Nepali Times
Plain Speaking
Less miserable


DHANUSHA-For the past month the NC and its cheerleaders in the media have been telling the Maoists: "accept GPK as president or prove your majority." But the Maoists have outsmarted them yet again by winning over the UML and showing they can play the numbers game better than the others. The Kathmandu knot is slowly untangling.

Both the importance and futility of Baluwatar and Baneswor politics can be felt most acutely here in the Dalit basti of Lohana, just 10km from Janakpur in Dhanusha district. There is hope that a new government will bring change, but there is futility because of the realisation it will not.

First, the good news: untouchability is not as blatant here anymore, especially with the Dusahad and Musahar communities. Brahmans and Yadavs still do not eat with them, and intermarriage is out of the question, but notions of purity and impurity are gradually changing, especially among younger people.

Life is tough. Most people live on a meal a day. Children do not go to school because textbooks are too expensive. A landless labourer earns 6 kg of rice a day, but in the off season he can earn Rs 100 a day as a construction workers and the women get half that. A few Dalit families have some land, but they do not always have the money for fertiliser and seeds.

They haven't benefited from foreign employment because they just can't afford the recruiters' fees. It is the intermediate castes, Muslims, and increasingly upper castes who are going out to Malaysia and the Gulf. The poorest have to make do with work in Janakpur, or Punjab. Subsistence is all they can aspire to.

Talk to the Dalits of Lohana or a poor rickshaw-puller in Rupani in Saptari district, go to a meeting of the landless in Dhalke or spend time with a woman vegetable-seller in Sarlahi's Lalbandi, and two themes immediately emerge.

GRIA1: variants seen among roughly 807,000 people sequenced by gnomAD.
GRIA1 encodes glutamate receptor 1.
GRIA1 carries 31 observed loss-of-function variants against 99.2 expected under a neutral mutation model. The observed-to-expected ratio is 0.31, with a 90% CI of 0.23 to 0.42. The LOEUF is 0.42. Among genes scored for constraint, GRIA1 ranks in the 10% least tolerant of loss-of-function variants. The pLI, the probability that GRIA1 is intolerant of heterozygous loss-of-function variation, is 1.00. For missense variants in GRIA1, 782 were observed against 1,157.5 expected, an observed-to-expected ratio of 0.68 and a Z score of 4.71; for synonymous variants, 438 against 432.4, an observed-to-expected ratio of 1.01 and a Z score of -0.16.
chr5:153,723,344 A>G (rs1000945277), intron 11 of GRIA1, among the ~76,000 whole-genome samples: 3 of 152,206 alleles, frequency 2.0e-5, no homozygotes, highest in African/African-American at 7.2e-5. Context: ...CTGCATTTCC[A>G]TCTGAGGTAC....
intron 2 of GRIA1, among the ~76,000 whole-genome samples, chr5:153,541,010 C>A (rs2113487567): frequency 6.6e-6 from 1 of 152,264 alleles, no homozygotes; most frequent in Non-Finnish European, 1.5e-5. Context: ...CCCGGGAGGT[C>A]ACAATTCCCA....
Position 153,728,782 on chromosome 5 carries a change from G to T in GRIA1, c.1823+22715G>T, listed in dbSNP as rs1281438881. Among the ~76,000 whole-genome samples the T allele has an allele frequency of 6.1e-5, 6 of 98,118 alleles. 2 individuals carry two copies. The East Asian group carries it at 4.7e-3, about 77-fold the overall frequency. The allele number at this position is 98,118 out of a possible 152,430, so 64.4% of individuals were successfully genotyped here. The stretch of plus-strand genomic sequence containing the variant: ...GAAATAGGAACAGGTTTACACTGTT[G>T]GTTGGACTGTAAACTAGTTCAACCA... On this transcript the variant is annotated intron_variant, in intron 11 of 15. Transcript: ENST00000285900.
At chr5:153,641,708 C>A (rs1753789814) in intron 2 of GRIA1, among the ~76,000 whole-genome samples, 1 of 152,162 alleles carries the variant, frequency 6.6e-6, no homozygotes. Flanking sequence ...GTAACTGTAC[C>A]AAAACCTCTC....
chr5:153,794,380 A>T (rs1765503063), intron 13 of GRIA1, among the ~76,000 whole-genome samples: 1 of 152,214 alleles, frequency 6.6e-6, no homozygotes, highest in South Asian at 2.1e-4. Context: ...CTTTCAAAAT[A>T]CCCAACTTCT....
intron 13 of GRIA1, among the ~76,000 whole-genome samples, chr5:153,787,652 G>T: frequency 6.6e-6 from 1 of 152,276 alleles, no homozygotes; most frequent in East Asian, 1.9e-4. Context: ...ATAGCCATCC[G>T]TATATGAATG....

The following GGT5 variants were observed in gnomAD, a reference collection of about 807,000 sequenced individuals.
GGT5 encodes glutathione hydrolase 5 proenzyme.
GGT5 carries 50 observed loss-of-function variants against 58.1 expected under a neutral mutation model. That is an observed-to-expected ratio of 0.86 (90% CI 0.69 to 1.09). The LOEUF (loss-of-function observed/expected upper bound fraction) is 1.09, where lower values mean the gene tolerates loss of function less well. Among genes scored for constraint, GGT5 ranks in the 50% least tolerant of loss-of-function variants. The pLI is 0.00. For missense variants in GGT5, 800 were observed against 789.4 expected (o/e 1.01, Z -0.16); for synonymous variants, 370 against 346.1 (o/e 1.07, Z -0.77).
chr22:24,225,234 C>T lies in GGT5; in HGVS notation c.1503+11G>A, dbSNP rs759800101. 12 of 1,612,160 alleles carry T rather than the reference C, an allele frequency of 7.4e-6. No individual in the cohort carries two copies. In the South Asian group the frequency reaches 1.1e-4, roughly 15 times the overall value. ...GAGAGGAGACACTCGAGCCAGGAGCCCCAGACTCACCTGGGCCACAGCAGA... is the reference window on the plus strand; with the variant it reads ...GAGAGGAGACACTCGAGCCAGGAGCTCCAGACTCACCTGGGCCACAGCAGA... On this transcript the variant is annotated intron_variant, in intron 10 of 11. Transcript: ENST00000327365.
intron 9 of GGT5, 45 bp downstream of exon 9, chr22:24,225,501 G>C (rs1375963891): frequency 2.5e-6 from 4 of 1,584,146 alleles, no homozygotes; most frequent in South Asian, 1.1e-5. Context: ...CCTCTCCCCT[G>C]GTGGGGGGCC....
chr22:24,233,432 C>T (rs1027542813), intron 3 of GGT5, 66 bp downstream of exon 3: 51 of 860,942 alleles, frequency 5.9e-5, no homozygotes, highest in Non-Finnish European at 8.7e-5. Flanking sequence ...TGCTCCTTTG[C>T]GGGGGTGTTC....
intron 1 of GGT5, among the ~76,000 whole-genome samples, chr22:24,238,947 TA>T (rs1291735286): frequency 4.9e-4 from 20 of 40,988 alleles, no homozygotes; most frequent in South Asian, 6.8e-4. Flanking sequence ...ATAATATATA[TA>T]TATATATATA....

The first is the multiple claims being made on a weak and dysfunctional state. Diverse voices look to Kathmandu to demand their share of the pie: we want free education; we want a functioning health post; we want land. At least give us the public land lying fallow, we want housing and food.

The Nepali poor also envy India's poor. There is a sense that the Indian state treats its citizens a lot better. The marginal farmer in the Tarai often looks to the other side and sees ration cards, a fertiliser subsidy, government housing and school midday meals. "When will our sarkar do this for us?" asks a mill worker in Biratnagar.

This may be a romantic vision of the Indian situation, for such schemes mostly exist only on paper. But the judgement is valid to an extent. Mohammed Riaz, a Jogbani rickshaw-puller says: "Our children go to
school and get khichdi to eat, we have houses under the Indira Awas Yojana."

In Champanagar village in India's Purnea district, about 100km from Biratnagar, most Dalits and Santhals have ration cards meant for families living below the poverty line. These allow them to buy up to 20kg of rice at IRs2/kg from the local government shop. Even with leakage and corruption, they can get a portion at subsidised rates.

Champanagar, population 10,000, receives Rs 3-4 million per year for development work. Roads are in relatively good shape and children of poor families, across all castes, study in school together. Houses have tin roofs, and agriculture appears more profitable: maize is cultivated along with paddy and wheat during the year, and the government guarantees minimum prices.

Bihar is synonymous with inefficiency, corruption and rotten governance, but the Bihari poor are better off than the Nepali poor because India still has a semblance of a welfare state. That should tell the new government in Kathmandu where its priorities must lie.

(11 JAN 2013 - 17 JAN 2013)